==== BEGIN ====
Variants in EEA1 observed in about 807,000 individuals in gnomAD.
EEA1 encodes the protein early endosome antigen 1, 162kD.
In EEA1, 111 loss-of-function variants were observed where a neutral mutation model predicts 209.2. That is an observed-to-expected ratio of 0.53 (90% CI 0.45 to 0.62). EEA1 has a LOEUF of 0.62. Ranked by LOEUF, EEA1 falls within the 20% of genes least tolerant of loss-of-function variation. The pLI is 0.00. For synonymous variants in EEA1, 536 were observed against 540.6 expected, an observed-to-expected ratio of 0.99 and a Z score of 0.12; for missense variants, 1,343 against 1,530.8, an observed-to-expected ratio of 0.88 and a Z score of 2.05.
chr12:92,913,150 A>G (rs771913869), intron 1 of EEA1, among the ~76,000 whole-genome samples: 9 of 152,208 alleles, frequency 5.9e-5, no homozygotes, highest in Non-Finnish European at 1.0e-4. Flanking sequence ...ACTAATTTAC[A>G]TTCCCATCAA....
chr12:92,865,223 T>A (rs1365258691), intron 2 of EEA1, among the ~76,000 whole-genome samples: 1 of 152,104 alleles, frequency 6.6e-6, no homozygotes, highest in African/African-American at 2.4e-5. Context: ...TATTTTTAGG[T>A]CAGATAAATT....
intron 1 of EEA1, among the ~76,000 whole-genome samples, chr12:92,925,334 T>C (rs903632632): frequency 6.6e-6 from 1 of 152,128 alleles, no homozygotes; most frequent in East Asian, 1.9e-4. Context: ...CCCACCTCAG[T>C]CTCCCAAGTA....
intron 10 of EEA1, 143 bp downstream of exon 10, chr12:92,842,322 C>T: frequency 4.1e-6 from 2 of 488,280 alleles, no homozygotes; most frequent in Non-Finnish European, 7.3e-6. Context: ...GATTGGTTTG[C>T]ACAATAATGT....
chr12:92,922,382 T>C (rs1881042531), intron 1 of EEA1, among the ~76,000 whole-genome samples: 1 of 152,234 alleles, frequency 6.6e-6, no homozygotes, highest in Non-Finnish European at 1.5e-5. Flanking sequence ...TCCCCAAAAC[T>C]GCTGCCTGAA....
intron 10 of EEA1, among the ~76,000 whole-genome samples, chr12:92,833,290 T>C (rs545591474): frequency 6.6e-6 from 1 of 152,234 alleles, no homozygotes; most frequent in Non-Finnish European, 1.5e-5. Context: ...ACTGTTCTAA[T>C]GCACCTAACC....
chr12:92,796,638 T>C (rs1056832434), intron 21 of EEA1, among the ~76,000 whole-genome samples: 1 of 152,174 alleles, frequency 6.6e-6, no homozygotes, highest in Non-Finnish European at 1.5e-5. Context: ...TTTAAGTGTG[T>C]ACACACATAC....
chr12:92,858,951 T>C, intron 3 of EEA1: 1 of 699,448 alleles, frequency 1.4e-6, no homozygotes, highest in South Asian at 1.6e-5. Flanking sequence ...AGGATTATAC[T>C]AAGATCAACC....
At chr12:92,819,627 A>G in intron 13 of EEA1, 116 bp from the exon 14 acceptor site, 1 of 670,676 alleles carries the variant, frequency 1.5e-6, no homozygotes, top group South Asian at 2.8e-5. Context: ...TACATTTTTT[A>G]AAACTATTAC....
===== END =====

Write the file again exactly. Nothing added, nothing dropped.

Variants in EEA1 observed in about 807,000 individuals in gnomAD.
EEA1 encodes the protein early endosome antigen 1, 162kD.
In EEA1, 111 loss-of-function variants were observed where a neutral mutation model predicts 209.2. That is an observed-to-expected ratio of 0.53 (90% CI 0.45 to 0.62). EEA1 has a LOEUF of 0.62. Ranked by LOEUF, EEA1 falls within the 20% of genes least tolerant of loss-of-function variation. The pLI is 0.00. For synonymous variants in EEA1, 536 were observed against 540.6 expected, an observed-to-expected ratio of 0.99 and a Z score of 0.12; for missense variants, 1,343 against 1,530.8, an observed-to-expected ratio of 0.88 and a Z score of 2.05.
chr12:92,913,150 A>G (rs771913869), intron 1 of EEA1, among the ~76,000 whole-genome samples: 9 of 152,208 alleles, frequency 5.9e-5, no homozygotes, highest in Non-Finnish European at 1.0e-4. Flanking sequence ...ACTAATTTAC[A>G]TTCCCATCAA....
chr12:92,865,223 T>A (rs1365258691), intron 2 of EEA1, among the ~76,000 whole-genome samples: 1 of 152,104 alleles, frequency 6.6e-6, no homozygotes, highest in African/African-American at 2.4e-5. Context: ...TATTTTTAGG[T>A]CAGATAAATT....
intron 1 of EEA1, among the ~76,000 whole-genome samples, chr12:92,925,334 T>C (rs903632632): frequency 6.6e-6 from 1 of 152,128 alleles, no homozygotes; most frequent in East Asian, 1.9e-4. Context: ...CCCACCTCAG[T>C]CTCCCAAGTA....
intron 10 of EEA1, 143 bp downstream of exon 10, chr12:92,842,322 C>T: frequency 4.1e-6 from 2 of 488,280 alleles, no homozygotes; most frequent in Non-Finnish European, 7.3e-6. Context: ...GATTGGTTTG[C>T]ACAATAATGT....
chr12:92,922,382 T>C (rs1881042531), intron 1 of EEA1, among the ~76,000 whole-genome samples: 1 of 152,234 alleles, frequency 6.6e-6, no homozygotes, highest in Non-Finnish European at 1.5e-5. Flanking sequence ...TCCCCAAAAC[T>C]GCTGCCTGAA....
intron 10 of EEA1, among the ~76,000 whole-genome samples, chr12:92,833,290 T>C (rs545591474): frequency 6.6e-6 from 1 of 152,234 alleles, no homozygotes; most frequent in Non-Finnish European, 1.5e-5. Context: ...ACTGTTCTAA[T>C]GCACCTAACC....
chr12:92,796,638 T>C (rs1056832434), intron 21 of EEA1, among the ~76,000 whole-genome samples: 1 of 152,174 alleles, frequency 6.6e-6, no homozygotes, highest in Non-Finnish European at 1.5e-5. Context: ...TTTAAGTGTG[T>C]ACACACATAC....
chr12:92,858,951 T>C, intron 3 of EEA1: 1 of 699,448 alleles, frequency 1.4e-6, no homozygotes, highest in South Asian at 1.6e-5. Flanking sequence ...AGGATTATAC[T>C]AAGATCAACC....
At chr12:92,819,627 A>G in intron 13 of EEA1, 116 bp from the exon 14 acceptor site, 1 of 670,676 alleles carries the variant, frequency 1.5e-6, no homozygotes, top group South Asian at 2.8e-5. Context: ...TACATTTTTT[A>G]AAACTATTAC....